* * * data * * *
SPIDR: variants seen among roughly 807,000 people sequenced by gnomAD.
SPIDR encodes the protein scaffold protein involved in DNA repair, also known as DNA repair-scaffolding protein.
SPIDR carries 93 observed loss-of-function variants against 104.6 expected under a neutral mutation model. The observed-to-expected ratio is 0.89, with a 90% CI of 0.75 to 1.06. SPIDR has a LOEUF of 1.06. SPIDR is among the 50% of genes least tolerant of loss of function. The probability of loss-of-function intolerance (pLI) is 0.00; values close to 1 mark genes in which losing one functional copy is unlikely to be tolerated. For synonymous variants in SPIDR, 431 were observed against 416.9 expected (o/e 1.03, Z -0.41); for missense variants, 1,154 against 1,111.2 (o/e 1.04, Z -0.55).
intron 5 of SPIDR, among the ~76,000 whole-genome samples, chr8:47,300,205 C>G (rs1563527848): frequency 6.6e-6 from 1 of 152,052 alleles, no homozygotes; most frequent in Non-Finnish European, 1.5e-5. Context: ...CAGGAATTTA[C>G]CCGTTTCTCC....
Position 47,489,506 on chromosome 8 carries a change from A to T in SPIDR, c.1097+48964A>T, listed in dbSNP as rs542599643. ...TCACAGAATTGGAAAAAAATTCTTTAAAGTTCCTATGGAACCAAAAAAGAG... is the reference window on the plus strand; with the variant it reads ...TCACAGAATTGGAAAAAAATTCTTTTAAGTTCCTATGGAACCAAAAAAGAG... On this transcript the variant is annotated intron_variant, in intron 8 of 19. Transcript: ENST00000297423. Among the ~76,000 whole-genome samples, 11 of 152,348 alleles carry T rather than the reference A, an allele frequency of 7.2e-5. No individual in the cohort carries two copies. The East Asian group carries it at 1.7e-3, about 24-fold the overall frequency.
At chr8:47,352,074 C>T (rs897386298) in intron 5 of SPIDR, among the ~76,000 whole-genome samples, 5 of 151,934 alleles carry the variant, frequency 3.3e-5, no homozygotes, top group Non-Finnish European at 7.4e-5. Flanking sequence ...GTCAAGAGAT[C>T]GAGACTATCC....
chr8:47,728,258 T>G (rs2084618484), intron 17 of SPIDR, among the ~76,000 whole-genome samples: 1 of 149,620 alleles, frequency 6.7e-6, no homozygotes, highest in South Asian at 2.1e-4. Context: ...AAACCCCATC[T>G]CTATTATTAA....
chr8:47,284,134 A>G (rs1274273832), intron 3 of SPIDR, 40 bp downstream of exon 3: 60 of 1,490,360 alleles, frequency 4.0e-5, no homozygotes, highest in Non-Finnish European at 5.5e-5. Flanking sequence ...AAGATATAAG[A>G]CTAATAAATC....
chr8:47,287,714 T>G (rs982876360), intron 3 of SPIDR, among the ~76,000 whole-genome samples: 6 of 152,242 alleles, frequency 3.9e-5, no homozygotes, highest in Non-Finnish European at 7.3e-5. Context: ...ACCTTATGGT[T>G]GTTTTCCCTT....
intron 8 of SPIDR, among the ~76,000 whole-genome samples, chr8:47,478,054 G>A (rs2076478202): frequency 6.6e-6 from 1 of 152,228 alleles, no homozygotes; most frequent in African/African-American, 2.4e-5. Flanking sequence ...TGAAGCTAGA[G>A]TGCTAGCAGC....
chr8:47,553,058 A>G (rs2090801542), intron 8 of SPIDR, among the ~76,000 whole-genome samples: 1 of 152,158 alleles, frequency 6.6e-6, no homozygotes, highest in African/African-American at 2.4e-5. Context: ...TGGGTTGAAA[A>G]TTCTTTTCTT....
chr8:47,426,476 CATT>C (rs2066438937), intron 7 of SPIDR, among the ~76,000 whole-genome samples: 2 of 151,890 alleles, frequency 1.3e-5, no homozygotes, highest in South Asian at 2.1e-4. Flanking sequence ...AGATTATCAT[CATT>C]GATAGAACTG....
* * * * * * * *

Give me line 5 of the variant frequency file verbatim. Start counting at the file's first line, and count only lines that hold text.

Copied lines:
Position 47,489,506 on chromosome 8 carries a change from A to T in SPIDR, c.1097+48964A>T, listed in dbSNP as rs542599643. ...TCACAGAATTGGAAAAAAATTCTTTAAAGTTCCTATGGAACCAAAAAAGAG... is the reference window on the plus strand; with the variant it reads ...TCACAGAATTGGAAAAAAATTCTTTTAAGTTCCTATGGAACCAAAAAAGAG... On this transcript the variant is annotated intron_variant, in intron 8 of 19. Transcript: ENST00000297423. Among the ~76,000 whole-genome samples, 11 of 152,348 alleles carry T rather than the reference A, an allele frequency of 7.2e-5. No individual in the cohort carries two copies. The East Asian group carries it at 1.7e-3, about 24-fold the overall frequency.